A blog post
It does represent a “new” model of South-South cooperation, with a few important items to keep in mind:
-China promises to invest $250 billion in Latin America in the next 10 years, and double bilateral trade between 2 regions to $500 billion
-sectors such as infrastructure, mining, industry, scientific innovation, education and social policies have been prioritized
The big story
Venezuela’s unpopular president Maduro, who is overseeing his country going through
one of the worst economic crisis ever, with people queing outside empty
supermarkets and pharmacies, was the surprise/ unsurprising guest.
Rarely does one sovereign nation’s president comes to another to
essentially beg for money.
Kevin Gallagher says it’s a major pivoting point, whereby more funding arrangements than
ever will occur, “it is hard to think about substantive counteroffers
that the U.S. can provide”
China side does insist that the
cooperation will be more “open, inclusive, and balanced”, whereby China
will consider Latin Ameria’s need for self-development, decreasing
dependence on China, and diversify its economy, according to China’s
Minister of Foreign Affairs, Wang Yi.
Better bargaining on the part of Latin America?
represents an opportunity for Latin America, as a region, to
collectively use the forum for bargaining power (As ASEAN does). But
many experts including Margaret Myers, the Inter-American Dialogue’s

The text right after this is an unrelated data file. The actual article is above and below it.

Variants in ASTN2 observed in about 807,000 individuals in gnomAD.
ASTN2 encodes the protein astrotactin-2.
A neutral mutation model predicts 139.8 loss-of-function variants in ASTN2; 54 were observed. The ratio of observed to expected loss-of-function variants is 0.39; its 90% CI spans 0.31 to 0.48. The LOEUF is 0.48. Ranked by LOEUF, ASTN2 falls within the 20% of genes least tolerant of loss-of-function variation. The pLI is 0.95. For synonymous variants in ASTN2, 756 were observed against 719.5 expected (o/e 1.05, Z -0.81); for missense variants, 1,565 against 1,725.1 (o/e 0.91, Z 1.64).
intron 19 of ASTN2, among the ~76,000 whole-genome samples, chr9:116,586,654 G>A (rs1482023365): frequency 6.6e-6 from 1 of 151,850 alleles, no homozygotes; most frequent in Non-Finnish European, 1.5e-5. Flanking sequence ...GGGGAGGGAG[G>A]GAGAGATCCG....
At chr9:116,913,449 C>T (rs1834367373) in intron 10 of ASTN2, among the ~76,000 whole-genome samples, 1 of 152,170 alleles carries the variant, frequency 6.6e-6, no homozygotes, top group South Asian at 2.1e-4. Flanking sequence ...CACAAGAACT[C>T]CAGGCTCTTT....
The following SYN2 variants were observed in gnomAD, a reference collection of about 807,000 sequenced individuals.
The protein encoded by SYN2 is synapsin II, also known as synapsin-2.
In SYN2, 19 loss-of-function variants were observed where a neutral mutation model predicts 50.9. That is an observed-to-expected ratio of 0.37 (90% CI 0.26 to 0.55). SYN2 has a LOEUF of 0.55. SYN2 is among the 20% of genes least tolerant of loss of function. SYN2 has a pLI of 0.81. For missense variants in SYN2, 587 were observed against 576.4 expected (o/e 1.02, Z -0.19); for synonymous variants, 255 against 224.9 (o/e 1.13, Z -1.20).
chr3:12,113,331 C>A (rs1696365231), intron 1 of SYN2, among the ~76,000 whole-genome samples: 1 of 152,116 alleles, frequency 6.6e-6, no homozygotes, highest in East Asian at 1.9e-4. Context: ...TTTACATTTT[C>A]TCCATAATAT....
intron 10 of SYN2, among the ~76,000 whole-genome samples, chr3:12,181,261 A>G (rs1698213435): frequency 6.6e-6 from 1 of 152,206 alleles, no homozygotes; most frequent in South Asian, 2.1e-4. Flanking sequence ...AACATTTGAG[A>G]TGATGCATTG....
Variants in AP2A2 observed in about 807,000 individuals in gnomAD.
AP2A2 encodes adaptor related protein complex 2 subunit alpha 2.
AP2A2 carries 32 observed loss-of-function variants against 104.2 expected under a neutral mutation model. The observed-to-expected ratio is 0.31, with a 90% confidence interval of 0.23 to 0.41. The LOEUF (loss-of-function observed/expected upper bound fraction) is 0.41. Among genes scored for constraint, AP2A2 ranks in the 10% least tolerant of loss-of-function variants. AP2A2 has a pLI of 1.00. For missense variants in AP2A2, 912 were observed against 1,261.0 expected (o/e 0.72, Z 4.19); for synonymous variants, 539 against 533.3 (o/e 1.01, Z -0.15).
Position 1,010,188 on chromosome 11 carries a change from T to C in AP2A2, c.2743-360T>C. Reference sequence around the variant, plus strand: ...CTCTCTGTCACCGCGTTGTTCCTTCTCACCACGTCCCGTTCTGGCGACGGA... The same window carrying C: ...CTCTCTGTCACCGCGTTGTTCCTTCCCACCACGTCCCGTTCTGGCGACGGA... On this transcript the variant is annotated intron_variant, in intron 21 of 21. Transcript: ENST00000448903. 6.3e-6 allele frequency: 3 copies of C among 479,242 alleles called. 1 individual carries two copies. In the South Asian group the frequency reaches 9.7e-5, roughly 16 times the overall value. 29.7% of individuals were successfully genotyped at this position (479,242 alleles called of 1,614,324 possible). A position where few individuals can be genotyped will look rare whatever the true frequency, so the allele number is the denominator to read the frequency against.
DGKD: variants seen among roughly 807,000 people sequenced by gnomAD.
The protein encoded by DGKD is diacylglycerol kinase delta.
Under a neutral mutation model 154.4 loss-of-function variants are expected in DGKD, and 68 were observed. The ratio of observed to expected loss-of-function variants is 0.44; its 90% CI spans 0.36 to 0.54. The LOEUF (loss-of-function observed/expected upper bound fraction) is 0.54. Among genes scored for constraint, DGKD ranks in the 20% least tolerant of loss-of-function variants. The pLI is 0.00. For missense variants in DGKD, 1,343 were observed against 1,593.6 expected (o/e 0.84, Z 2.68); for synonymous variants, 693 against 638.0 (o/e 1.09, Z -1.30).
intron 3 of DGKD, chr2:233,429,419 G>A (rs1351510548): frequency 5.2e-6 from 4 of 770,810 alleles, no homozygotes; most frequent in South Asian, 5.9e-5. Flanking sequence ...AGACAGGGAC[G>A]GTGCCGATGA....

program director for China and Latin America, are suspicious of that “
but there are many obstacles to even sub-regional integration in Latin
Matt Ferchen, scholar of Carnegie-Tsinghua Center, who
has examined China’s relationship with Latin America, and in particular
told me, it is basically business as usual, only being important so far
as its symbolism, which China wants. While ASEAN may pose challenges to
China with a collective bargaining scheme,
CELAC does not, he points out, because it is largely China’s creation,
as is FOCAC.
Waning U.S. influence?
says, U.S. does not see incresaing CELAC-China cooperation as a
challenge, and has therefore stayed relatively quiet about it, saing
that "Chinese presence in the region is anywhere close to American,
that’s just wrong, on any level; commercial, social, people-people
connection, historical”–“But I do think the momentum, for a country
that was doing nothing much economically or politically in the region,
the momentum has clearly been on China’s side.”
End of the community boom and bad days for Latin America
also argues that as China’s development takes a new path the demand for
commodity from South America may just have peaked. Considering that
China-Latin America relationship was largely fuelled by China’s thirst
for energy and commodity, “ If that somehow slows down, then there is
serious questions about the content and equality of trade relationship. The question then becomes beyond those commodities, what can be the Latin American export side of things?”
photo by Flickr user “
R Barraez D´Lucca